In The Dirt: U-Pick it a Sweet Deal

By Elizabeth Sniegocki | January 01, 2013
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Fresh Picked Strawberries

It’s a crisp, cool morning punctuated by a strawberry-scented breeze. Sunlight shines upon rows and rows of juicy red jewels. Together, many sets of hands—big and small—work to harvest baskets of sun-ripened fruits, sweet as candy. It’s strawberry season, and the local pick-your-own farms are bustling! A trip to the U-pick promises a bounty of freshfrom- the-farm berries, plus a wholesome experience that’s fun for the entire family. Before you head out to the fields, read our strawberry picking guide for tips and ideas to help make the most of your day, and your harvest.


A little advance planning will make your U-pick experience most enjoyable and successful.

  • Plan your outing for early in the day. Strawberries harvested in the early morning are at their peak of firmness and flavor, while berries picked in the heat of the day tend to become soft and bruise easily.
  • Call ahead to inquire if the growers provide or sell containers, or if you should/ can bring your own. If you plan to use your own, bring shallow baskets, or even pots or pans. Keep in mind that piling berries over five inches deep can cause the bottom berries to bruise.
  • Consider making a day of it. Some pick-your-own destinations have children’s play areas, petting zoos, picnic facilities, and more. You may wish to pack a lunch to enjoy in the shade, or plan to purchase food on-site, where available.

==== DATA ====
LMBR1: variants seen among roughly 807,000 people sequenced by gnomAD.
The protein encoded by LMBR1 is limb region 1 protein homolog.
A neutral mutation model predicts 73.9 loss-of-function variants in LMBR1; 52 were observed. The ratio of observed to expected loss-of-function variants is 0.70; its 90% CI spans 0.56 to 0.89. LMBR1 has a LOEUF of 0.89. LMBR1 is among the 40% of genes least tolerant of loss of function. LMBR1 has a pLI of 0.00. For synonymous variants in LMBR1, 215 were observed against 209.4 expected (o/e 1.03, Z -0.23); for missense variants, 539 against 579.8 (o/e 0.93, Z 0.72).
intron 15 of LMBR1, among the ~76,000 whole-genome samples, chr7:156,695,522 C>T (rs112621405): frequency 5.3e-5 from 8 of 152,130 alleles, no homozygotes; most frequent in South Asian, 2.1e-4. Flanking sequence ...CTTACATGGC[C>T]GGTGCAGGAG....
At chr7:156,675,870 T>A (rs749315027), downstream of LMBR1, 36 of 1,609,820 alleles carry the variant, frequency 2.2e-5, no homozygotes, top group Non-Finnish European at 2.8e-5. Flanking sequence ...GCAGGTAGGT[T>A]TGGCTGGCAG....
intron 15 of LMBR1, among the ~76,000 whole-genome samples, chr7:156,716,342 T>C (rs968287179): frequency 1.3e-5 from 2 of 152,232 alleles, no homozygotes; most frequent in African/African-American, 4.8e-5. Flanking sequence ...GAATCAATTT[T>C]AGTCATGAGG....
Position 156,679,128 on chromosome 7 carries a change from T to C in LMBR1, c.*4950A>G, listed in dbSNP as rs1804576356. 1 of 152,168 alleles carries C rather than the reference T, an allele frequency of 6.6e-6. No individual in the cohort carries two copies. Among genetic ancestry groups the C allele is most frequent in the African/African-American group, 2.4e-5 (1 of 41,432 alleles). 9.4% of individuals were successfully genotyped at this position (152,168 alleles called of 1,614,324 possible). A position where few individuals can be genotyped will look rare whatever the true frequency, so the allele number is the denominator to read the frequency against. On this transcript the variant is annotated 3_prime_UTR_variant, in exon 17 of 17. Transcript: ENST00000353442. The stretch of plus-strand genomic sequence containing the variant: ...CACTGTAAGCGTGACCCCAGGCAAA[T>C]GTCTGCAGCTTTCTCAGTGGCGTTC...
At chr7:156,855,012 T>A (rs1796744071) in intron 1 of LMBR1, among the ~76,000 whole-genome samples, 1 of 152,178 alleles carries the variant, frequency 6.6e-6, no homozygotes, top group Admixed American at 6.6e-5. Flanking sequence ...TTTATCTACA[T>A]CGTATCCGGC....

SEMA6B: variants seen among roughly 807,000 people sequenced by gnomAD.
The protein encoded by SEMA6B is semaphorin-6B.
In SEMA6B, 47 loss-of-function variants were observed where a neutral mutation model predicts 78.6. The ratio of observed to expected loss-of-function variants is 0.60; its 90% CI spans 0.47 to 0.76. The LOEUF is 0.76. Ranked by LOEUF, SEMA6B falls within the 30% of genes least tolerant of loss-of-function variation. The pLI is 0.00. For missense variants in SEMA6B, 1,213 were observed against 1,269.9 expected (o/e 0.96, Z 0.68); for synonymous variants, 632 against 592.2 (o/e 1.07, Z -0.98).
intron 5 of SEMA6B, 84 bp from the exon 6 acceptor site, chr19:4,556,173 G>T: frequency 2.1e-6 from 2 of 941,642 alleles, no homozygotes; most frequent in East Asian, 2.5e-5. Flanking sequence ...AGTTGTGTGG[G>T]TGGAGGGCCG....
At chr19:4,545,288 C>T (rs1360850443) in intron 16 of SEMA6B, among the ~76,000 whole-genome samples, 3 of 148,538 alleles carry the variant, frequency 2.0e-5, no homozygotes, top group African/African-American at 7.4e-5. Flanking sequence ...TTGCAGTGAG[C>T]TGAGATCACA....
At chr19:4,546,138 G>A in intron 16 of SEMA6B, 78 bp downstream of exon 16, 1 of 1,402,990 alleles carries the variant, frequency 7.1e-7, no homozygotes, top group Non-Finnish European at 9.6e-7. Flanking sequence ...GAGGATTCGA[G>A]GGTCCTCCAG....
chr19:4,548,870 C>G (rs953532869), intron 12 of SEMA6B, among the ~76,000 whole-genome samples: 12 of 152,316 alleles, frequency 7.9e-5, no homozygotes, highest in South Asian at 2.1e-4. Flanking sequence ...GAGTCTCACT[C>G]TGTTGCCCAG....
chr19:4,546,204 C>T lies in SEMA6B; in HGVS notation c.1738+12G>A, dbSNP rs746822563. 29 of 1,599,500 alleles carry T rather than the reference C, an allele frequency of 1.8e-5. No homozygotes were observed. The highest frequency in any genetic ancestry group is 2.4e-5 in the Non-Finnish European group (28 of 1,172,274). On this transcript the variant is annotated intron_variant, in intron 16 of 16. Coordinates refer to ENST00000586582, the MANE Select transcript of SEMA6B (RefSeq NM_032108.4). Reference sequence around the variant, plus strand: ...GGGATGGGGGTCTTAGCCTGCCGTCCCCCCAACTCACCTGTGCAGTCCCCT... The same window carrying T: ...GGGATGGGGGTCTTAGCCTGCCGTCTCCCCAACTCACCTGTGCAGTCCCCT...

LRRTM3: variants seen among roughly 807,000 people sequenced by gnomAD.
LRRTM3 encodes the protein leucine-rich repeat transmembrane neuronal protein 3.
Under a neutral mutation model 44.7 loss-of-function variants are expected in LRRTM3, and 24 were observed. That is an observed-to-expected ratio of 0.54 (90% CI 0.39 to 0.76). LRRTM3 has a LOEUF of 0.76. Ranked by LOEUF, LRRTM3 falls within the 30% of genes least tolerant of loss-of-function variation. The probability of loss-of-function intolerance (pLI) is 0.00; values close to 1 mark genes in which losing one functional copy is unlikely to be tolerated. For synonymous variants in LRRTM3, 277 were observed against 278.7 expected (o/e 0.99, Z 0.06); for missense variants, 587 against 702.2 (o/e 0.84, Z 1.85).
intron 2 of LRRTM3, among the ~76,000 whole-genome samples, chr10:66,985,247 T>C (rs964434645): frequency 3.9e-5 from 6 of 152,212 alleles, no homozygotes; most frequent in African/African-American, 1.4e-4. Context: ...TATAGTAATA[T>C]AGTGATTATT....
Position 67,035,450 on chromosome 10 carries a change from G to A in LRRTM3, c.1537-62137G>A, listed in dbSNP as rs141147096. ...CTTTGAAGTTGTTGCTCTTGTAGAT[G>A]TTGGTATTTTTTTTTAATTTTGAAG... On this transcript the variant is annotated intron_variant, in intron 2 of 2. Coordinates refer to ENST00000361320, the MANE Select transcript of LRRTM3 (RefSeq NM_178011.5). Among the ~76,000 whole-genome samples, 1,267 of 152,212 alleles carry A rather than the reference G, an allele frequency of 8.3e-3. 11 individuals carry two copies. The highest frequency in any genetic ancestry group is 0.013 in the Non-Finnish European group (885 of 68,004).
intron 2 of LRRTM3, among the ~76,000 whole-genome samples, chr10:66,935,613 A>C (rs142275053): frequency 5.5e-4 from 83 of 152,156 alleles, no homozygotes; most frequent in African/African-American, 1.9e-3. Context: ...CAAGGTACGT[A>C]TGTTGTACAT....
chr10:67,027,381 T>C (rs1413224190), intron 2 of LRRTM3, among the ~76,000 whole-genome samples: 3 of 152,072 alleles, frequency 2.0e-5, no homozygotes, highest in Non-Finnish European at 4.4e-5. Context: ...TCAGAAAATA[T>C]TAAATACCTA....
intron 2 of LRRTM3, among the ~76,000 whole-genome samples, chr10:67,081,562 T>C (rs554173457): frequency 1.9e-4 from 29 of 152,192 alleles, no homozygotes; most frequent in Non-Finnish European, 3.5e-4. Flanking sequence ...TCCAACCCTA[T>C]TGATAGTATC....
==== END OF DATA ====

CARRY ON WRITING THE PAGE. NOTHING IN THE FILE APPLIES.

For the freshest, most flavorful fruit, follow these berry-picking tips:

  • Pick strawberries that are fragrant, firm, and bright red. There should be no white or green around the stem, and no soft spots. (Unripe berries will not ripen once picked.)
  • To pick the berries, grasp the stem just above the berry and pull with a slight twisting motion. Alternatively, some farms provide kid-friendly scissors for snipping the berries from the plants.
  • Be sure to place the fruit gently into containers to prevent bruising. And avoid overfilling your containers, or trying to “pack down” the strawberries.
  • If you’re planning to stay at the U-pick after harvesting, find a cool, shady place to tuck your berries until you leave.


For maximum flavor and freshness, plan to process, refrigerate, or freeze your strawberries immediately upon returning home.

  • If you plan to use your berries right away, do not refrigerate them.
  • Strawberries will keep fresh in the refrigerator for two or three days before losing their bright color and fresh flavor. Do not rinse or hull the berries (cut off the green tops) until you’re ready to use them, as they become more prone to spoiling.
  • To freeze your berries, rinse and hull them, then freeze them in a single layer on parchment-lined baking trays. Once frozen, transfer the strawberries to a freezer bag, removing as much air as possible. Store in the freezer for up to one year.


Fresh-picked strawberries are delicious just as they are, as well as

  • on yogurt or cereal
  • in smoothies and pops
  • dipped in whipped cream or chocolate
  • baked into muffins or sweetbread
  • processed into jam or syrup
  • sliced onto salads or pancakes


1 quart of strawberries = 2 pints, or 4 cups, and weighs 1.25 pounds to 1.5 pounds


Honeyside Farms:
8276 Ibis St, Sarasota; 941-405-0015;

Hunsader Farms:
5500 County Rd 675, Bradenton; 941-322-2168;

Eden Farms:
11608 Upper Manatee River Rd, Bradenton; 941-405-5207;

O’Brien Family Farms:
16505 State Rd 64 E, Bradenton; 941-896-4811;

Article from Edible Sarasota at
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